November 8, 2012
There's a more helpful way to approach controversial books.
What do you know? There's another book controversy.
I don't know about you, but I'm getting tired of it. Well-known leaders read—or simply read about—a book, post something on their blog, and others—having read or not read the book themselves—fight over their opinions. It's exhausting just thinking about it! And it shows a lot of disunity to the rest of the world.
Recently, I came across a well-written blog post on Out of Ur that reminded me of an important role small-group leaders can play in helping avoid these back-and-forths. Instead of banning a certain book, telling everyone they shouldn't read it, or, on the flip side, condoning everything in a book, perhaps we can help group members understand how to biblically interact with books—whatever their message may be.
This is a key skill that disciples need to develop. Think about it: We work through tough passages in the Bible that we may not agree with at first glance, but we don't tell people to stop reading them. Instead, we teach them to inductively study the passage, weighing different scholarly opinions. Why can't it be the same for books?
In the Out of Ur post, Matt Mikalatos writes that, "the best way to protect our people from dangerous ideas or books is not to prevent them from interacting with them, but to teach them to interact with them well." He suggests we learn to "read with our Bibles and our minds open."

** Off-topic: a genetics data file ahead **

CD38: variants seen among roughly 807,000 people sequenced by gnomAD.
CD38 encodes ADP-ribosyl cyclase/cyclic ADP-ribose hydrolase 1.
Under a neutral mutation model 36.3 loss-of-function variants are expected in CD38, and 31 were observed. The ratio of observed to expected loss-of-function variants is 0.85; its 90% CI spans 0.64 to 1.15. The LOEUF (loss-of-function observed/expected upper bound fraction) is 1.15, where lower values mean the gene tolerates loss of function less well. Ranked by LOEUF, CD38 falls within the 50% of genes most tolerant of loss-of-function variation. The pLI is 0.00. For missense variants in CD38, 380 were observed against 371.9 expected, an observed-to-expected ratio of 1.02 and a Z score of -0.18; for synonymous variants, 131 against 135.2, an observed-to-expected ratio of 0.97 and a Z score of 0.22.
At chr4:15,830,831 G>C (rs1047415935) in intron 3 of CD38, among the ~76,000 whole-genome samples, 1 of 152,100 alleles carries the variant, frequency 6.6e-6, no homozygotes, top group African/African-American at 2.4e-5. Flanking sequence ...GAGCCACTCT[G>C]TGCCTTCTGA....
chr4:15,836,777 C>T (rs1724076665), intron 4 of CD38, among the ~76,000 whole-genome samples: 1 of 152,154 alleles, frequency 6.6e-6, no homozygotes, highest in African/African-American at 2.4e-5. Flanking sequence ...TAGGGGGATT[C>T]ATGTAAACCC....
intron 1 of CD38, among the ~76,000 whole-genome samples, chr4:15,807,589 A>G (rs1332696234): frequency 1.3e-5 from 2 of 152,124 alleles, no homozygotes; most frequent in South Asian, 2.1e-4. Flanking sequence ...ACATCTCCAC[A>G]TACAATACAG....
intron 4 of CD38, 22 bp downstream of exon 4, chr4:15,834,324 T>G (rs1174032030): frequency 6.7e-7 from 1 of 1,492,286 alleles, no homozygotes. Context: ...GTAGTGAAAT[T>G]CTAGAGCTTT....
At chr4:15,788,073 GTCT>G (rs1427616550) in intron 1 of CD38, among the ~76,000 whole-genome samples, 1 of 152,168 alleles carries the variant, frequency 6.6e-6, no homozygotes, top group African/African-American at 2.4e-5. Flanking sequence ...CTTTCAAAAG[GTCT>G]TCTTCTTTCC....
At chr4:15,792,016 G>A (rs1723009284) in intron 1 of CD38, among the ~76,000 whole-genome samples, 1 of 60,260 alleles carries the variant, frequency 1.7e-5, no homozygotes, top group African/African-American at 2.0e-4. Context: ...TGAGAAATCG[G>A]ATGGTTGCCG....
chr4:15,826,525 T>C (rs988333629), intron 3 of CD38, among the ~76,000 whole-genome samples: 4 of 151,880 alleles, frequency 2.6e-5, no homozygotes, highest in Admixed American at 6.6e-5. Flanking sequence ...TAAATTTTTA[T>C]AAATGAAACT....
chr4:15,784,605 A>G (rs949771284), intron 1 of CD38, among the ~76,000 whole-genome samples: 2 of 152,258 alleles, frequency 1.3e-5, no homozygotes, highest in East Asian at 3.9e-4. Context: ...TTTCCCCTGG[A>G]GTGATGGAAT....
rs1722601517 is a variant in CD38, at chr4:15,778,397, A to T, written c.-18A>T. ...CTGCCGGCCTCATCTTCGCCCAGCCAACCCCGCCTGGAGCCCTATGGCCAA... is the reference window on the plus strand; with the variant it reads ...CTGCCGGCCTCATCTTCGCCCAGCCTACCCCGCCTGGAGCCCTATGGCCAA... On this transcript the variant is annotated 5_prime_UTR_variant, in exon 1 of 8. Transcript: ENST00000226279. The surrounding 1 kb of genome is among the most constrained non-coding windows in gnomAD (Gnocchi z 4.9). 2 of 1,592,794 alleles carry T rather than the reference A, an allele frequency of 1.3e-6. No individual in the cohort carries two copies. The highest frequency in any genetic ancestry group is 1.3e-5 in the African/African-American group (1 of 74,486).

I believe that it's rare that we'll read a book and completely agree or disagree with everything in it. Instead, we'll find certain views that we agree with, and others that rub us the wrong way—all in the same book. And there's value in that: I've learned so much from books that represent views I greatly disagree with because it's helped me better understand the issues and better love the people who hold those views.
Teach your group members to read with open Bibles and open minds, comparing an author's views with those in the Bible. Help them consider all possibilities, and come to their own conclusions, not simply taking the author's words as fact. Jesus calls us to be thinking people who live out his teachings in our place and time, not robots who simply do as programmed.
How do you help group members determine what is true, right, and pure? How do you help them to articulate their own beliefs?
posted by Amy Jackson on November 8, 2012 8:56 AM